DALL·E is a 12-billion parameter version of GPT-3 trained to generate images from text descriptions, using a dataset of text–image pairs. We’ve found that it has a diverse set of capabilities, including creating anthropomorphized versions of animals and objects, combining unrelated concepts in plausible ways, rendering text, and applying transformations to existing images.
If you give DALL·E the task to generate images with “an armchair in the shape of an avocado”, you get this:
React Native’s Image component handles image caching like browsers for the most part. If the server is returning proper cache control headers for images you’ll generally get the sort of built in caching behavior you’d have in a browser. Even so many people have noticed:
Low performance loading from cache.
Low performance in general.
FastImage is an Image replacement that solves these issues. FastImage is a wrapper around SDWebImage (iOS) and Glide (Android).
Don’t forget to react-native link after installation, as some native counterparts are used:
yarn add react-native-fast-image
FastImage is basically a drop-in replacement for Image, but with some extras (such as prioritisation):
Five days after the previous updatePS_BRAMUS.GoogleMapsTileCutter — a Photoshop Script which automatically chops up a large image into tiles for use with Google Maps — has been updated again.
With this new version one can now choose to place all tiles into one and the same folder (as it was before), or use subfolders instead. Handy if you’re exporting 21845 tiles (=all tiles needed for zoom levels 1 through 7) to prevent your system from hogging when accessing the export folder
After exporting the tiles themselves, PS_BRAMUS.GoogleMapsTileCutter now also creates an empty.jpg file for use with the Google Maps implementation. Above that you don’t have to make the implementation yourself anymore as PS_BRAMUS.GoogleMapsTileCutter now also generates an index.html for use with your fresh tiles.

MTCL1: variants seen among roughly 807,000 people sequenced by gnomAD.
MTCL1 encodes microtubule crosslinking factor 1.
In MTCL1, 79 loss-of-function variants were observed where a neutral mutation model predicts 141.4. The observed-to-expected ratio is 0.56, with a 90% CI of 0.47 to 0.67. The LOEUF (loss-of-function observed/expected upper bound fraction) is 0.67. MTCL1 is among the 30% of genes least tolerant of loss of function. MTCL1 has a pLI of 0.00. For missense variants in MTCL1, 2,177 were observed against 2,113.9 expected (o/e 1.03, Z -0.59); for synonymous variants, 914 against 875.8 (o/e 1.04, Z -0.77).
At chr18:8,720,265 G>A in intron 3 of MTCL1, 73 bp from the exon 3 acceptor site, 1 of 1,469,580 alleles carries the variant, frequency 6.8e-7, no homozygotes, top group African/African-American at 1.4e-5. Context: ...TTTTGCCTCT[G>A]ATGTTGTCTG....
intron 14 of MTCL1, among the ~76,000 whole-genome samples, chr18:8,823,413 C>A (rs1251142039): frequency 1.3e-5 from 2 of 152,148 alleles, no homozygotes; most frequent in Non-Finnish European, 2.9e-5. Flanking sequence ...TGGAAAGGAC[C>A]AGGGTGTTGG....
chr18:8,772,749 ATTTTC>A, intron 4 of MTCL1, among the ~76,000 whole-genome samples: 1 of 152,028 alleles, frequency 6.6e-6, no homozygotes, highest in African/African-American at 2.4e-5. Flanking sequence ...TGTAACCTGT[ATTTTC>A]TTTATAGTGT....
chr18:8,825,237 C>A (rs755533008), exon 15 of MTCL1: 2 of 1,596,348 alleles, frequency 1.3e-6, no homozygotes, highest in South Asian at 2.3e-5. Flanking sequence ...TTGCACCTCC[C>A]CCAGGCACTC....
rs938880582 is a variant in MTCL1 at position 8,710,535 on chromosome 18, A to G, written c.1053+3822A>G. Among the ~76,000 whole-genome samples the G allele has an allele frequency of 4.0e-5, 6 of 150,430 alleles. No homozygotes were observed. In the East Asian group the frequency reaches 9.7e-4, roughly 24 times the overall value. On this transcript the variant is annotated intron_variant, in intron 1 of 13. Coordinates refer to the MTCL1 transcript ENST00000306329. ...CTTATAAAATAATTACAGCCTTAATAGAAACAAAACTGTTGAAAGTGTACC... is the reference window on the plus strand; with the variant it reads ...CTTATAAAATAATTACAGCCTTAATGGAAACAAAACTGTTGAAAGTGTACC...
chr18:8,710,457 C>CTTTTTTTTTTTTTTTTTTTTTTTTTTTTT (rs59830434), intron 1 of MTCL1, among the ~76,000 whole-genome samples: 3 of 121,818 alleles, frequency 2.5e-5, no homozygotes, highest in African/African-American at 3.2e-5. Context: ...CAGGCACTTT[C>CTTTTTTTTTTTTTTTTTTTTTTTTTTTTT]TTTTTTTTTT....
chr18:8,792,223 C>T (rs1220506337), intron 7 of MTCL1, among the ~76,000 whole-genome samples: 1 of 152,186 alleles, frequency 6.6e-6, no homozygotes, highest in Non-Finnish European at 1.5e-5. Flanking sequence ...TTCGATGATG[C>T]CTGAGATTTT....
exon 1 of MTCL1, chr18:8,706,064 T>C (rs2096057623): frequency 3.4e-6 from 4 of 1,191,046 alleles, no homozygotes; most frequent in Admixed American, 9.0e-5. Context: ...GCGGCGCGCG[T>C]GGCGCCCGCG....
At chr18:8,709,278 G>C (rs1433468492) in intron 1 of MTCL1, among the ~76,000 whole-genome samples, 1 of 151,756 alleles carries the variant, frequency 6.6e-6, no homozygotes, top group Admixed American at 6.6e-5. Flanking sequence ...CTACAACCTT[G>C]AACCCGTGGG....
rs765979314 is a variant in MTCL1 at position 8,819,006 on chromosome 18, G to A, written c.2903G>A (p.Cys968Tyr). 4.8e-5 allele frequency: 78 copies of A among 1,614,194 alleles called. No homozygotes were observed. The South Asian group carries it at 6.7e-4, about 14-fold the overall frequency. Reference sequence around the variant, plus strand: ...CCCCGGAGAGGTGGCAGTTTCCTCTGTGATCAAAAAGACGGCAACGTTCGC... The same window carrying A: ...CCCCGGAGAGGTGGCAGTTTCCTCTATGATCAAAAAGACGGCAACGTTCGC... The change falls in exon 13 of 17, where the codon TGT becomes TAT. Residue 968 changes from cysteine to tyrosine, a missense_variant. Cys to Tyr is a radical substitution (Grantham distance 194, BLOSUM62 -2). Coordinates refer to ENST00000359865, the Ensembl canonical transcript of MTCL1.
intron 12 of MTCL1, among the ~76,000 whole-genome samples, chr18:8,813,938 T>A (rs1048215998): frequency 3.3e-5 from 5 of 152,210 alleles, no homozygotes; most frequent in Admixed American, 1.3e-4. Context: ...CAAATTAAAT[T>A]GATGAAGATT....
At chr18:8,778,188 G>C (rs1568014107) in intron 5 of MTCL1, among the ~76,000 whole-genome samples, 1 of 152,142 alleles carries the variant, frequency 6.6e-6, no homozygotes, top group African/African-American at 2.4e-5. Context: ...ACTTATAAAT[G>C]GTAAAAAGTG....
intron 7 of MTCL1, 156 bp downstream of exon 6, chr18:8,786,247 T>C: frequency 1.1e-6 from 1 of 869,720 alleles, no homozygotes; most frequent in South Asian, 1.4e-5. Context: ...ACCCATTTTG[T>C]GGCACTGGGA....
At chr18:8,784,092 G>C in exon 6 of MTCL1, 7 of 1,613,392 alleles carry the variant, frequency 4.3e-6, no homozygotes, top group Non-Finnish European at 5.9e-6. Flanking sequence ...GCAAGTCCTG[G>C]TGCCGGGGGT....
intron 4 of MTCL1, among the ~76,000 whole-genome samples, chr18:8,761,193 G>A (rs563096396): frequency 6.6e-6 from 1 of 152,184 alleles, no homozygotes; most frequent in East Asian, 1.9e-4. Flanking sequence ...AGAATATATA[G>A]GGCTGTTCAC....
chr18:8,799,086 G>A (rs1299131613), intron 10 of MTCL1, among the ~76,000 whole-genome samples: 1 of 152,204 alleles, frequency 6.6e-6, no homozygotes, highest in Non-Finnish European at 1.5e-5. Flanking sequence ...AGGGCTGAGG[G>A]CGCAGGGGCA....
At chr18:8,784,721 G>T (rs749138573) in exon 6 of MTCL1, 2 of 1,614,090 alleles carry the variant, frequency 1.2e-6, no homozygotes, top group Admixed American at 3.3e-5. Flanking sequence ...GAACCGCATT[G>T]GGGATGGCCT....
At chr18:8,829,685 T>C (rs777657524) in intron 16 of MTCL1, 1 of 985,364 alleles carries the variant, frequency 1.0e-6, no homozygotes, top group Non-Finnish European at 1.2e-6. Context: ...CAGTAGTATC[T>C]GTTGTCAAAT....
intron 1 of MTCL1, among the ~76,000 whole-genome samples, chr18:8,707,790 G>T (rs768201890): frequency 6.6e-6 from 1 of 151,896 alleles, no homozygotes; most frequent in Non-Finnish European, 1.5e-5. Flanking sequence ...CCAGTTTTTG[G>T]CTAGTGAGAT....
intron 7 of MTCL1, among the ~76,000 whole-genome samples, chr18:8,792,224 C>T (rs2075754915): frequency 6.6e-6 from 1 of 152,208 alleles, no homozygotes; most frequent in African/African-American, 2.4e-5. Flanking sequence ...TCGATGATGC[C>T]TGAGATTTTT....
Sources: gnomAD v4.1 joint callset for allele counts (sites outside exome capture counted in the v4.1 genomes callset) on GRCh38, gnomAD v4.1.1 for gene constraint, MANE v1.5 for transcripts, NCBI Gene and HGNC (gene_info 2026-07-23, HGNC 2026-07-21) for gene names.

It’s been 1.5 years already since I created PS_BRAMUS.GoogleMapsTileCutter, a Photoshop Script which automatically chops up a large image into tiles for use with Google Maps. Today a huge update was released.
Sparked by an initial pull request by Nick Springer, PS_BRAMUS.GoogleMapsTileCutter now sports a UI dialog in which you can set the options before starting the cutting process. In the previous version one had to change these in the source of the script itself.
One of the new features that was added is the option to prevent empty tiles from being saved. Can come in handy to save bandwidth. Above that the processing was hugely improved for files with lots of layers: right before the tilecutter kicks in the whole image is flattened for much faster processing.
Finally a little feedback dialog was added to give feedback during the processing the image.
TinyPNG uses smart lossy compression techniques to reduce the file size of your PNG files. By selectively decreasing the number of colours in the image, fewer bytes are required to store the data. The effect is nearly invisible but it makes a very large difference in file size!
Works so well (shaves more than 50% off the files I’ve tested over time) that I’ve included it in my screenshotting flow for screenshots here on bram.us:
Take the screenshot (Retina MBP, thus that’s one BIG screenshot)
Resize the screenshot in Photoshop to 1120px width (coincidentally twice the width of the content column of this site)
UPDATE SEPTEMBER 2013:PS_Bramus.GoogleMapsTileCutter has been updated and now includes a nice UI dialog. A video of the new version in action can be viewed on YouTube. The download link below links to the latest version, so no worries there.
Last week, I coded a Google Maps Tile Cutter script for use with Adobe Photoshop. The script automatically cuts/carves a very large image you’ve opened in Photoshop into tiles which you can immediately use in Google Maps.